SMCs cultured from S100A12 transgenic mice exhibited functional changes compared to SMCs from control mice. Cultured SMCs from transgenic mice secreted more interleukin (IL)-6 in response to incubation with lipopolysaccharide. Lipopolysaccharide incubation led to detection of S100A12 in the culture media. However, the increased IL-6 was only partially attenuated by coincubation with a soluble form of RAGE that would inhibit engagement of the ligand with the cellular receptor. This infers that the effect of lipopolysaccharide in augmenting IL-6 secretion in S100A12 expressing cells was predominantly independent of RAGE. Previously, IL-6 has not been mechanistically linked to ascending aortic aneurysmal development. It would be of interest to determine whether aneurysmal formation is changed in S100A12 transgenic mice that are either wild type or deficient in IL-6. Cultured aortic SMCs from S100A12 transgenic mice also inferentially had increased expression of transforming growth factor (TGF)-β, as defined by increased immunostaining and nuclear translocation of phosphorylated Smad2. The attribution of increased pSmad2 being caused by TGF-β secretion was demonstrated by coincubation with a neutralizing antibody. As mentioned previously, aortic SMCs have varying biological responses attributable to cell heterogeneity. Responses to TGF-β epitomize these differences because this cytokine leads to either promotion or inhibition of aortic SMC growth depending on the region used for isolation.8
Cultured SMCs from S100A12 transgenic mice displayed some surprises. One was a reduced rate of proliferation. This was defined by immunostaining of 5-bromodeoxyuridine rather than direct cell counting. The reduced 5-bromodeoxyuridine immunostaining was matched by an enhanced activity of SMCs from S100A12 transgenic mice to reduce the tetrazolium compound, MTS. Increased MTS conversion is usually considered to be indicative of increased cellular proliferation. Cultured SMCs from S100A12 transgenic mice also had increased oxidant stress, as determined by enhanced staining with the dye MitoSox, and increased presence of oxidative damage DNA measured by the 8-oxo-dG product. The increased staining with MitoSox was not mimicked by the exogenous addition of S100A12 to cultured SMCs from either wild type or transgenic mice. This again is consistent with its intracellular effects that are independent of the cell surface expression of RAGE. The intracellular action was also cleverly described by coculturing SMCs from wild type and transgenic mice and demonstrating increased MitoSox staining only in cells positive for S100A12. Again, it needs to be defined whether the aortic region used to isolate SMCs has an effect on these responses to facilitate the interpretation of mechanisms of aortic root dilation. These studies in cultured SMCs demonstrated a myriad of changes induced by the expression of S100A12. The challenge will be to define the contribution of these changes to the aortic pathology that develops in vivo in S100A12 transgenic mice.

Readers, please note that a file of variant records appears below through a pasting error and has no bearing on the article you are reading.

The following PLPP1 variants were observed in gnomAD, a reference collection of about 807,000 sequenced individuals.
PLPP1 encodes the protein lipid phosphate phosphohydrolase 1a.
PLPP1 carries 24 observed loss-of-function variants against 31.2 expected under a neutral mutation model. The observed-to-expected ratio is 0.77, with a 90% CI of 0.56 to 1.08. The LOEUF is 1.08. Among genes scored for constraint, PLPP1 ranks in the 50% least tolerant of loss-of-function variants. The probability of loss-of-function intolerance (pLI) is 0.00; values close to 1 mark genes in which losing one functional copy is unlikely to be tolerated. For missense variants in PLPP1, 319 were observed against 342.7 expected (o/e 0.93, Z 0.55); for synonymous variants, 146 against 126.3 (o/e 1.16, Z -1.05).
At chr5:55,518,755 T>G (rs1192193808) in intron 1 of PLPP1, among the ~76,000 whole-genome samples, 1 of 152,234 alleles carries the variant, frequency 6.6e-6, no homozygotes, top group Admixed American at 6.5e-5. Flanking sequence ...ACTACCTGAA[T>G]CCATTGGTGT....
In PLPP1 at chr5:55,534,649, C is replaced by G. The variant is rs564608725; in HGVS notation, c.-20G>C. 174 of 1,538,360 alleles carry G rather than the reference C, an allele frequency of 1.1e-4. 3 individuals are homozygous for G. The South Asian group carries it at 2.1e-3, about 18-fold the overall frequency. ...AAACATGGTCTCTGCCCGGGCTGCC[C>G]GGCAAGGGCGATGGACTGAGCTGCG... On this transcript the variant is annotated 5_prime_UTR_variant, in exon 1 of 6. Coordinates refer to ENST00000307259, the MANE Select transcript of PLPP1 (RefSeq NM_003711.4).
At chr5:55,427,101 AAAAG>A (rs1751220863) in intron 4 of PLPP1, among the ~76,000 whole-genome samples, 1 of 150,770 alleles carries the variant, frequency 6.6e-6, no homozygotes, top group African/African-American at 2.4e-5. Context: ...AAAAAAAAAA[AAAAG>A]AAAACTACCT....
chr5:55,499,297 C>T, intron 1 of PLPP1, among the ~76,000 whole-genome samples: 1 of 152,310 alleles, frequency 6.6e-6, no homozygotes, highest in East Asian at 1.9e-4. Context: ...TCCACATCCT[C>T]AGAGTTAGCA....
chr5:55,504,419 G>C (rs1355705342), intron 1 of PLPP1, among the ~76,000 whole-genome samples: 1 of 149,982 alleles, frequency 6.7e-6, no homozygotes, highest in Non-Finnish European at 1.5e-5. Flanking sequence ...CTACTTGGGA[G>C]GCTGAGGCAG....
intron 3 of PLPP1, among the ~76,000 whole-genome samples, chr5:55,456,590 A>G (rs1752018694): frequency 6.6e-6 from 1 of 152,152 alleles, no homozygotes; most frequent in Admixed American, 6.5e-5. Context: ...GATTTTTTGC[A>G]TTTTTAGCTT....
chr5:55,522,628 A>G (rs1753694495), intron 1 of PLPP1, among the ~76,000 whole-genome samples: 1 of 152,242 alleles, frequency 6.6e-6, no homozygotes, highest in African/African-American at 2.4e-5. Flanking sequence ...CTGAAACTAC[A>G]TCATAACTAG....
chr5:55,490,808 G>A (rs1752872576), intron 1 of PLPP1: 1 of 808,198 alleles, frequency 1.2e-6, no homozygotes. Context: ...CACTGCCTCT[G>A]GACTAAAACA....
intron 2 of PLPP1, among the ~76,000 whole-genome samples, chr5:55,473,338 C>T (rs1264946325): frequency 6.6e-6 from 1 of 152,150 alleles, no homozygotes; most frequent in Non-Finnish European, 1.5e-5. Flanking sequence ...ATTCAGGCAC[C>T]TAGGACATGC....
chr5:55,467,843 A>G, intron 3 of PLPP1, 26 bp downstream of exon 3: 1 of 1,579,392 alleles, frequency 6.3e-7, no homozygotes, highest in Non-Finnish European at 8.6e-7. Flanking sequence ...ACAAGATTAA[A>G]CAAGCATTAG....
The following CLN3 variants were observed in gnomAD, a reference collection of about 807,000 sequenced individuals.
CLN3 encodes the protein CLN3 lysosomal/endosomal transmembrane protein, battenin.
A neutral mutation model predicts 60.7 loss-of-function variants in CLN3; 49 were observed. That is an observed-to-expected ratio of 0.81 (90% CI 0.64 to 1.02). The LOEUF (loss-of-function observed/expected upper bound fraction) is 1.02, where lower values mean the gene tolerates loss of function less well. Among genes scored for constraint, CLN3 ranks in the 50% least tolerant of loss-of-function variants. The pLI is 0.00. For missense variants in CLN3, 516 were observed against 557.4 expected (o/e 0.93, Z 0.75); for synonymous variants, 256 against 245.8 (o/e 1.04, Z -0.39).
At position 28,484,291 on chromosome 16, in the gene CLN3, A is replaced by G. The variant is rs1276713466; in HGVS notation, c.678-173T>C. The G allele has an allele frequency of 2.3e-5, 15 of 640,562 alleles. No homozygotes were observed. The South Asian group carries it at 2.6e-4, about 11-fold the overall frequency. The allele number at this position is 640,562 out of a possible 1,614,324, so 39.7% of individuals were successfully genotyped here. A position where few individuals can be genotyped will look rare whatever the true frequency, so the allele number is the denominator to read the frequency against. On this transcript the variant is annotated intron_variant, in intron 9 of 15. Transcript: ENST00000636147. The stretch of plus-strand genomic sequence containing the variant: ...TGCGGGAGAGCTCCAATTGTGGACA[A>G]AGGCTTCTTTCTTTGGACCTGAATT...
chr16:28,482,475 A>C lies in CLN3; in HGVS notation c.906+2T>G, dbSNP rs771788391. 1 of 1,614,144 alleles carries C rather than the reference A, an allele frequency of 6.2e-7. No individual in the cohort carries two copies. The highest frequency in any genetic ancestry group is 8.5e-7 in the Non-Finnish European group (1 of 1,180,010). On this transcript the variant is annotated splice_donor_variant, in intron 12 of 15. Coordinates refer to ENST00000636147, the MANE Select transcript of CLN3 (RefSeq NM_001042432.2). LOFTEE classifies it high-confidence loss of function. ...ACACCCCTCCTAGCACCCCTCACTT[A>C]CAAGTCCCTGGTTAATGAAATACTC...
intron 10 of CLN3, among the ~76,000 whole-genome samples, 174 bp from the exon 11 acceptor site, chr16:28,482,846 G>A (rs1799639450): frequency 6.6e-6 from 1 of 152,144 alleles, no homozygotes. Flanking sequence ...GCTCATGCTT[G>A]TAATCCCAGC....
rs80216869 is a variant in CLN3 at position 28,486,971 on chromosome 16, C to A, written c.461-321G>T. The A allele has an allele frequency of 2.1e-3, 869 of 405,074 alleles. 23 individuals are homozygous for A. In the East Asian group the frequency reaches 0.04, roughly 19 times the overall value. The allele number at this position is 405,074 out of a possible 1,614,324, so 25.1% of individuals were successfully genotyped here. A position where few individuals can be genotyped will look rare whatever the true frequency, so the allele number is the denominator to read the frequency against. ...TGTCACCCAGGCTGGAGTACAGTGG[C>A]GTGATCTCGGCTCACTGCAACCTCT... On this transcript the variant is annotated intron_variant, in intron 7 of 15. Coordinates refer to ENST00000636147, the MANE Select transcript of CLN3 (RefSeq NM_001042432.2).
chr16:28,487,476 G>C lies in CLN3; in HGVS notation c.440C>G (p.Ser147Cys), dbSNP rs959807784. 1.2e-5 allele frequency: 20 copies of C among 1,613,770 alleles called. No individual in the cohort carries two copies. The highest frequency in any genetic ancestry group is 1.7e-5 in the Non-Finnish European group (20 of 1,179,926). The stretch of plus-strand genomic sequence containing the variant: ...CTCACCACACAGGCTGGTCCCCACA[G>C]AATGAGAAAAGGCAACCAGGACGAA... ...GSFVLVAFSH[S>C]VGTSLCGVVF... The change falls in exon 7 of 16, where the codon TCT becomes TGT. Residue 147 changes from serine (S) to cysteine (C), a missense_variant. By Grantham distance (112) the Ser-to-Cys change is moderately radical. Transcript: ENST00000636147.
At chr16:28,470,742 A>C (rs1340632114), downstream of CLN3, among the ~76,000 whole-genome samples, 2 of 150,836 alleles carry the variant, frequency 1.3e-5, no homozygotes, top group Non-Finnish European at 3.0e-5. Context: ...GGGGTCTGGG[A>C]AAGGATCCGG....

To define whether the findings in the S100A12 transgenic mice extrapolated to human disease, ascending aortic tissue was acquired from a patient carrying a novel mutation in SMC-specific β-myosin (MYH11). Consistent with observations in transgenic mice, S100A12 was only detected in this human aneurysmal tissue, but not in ascending aortic tissue from a donor without TAA. Also in agreement with the mouse studies, immunostaining of S100A12 was mainly colocalized with SMCs. Acquisition of human aortic tissues from patients with normal or ascending aortic aneurysms is fraught with practical difficulties. Unfortunately, the characterization of tissues from a single control and disease patient renders the observations as anecdotal. It also has the shortcoming of being purely observational. Although the information of such translational studies is inherently constrained, the inclusion of complimentary data from clinical samples should be encouraged.
Overall, the findings of Hofmann Bowman et al2 provide a new insight for the role of S10012A in the development of the devastating disease of TAAs. These studies would be complimented by further experiments that attempt to define the mechanistic basis for the localization of the response to the ascending aorta. This will provide a valuable foundation to determine the contribution of this pathway to a disease that progresses in a highly aortic region-specific manner.
Sources of Funding
Supported by NIH grant HL80100.
The opinions expressed in this editorial are not necessarily those of the editors or of the American Heart Association.
Donald Heistad handled the Daugherty editorial as a Consulting Editor.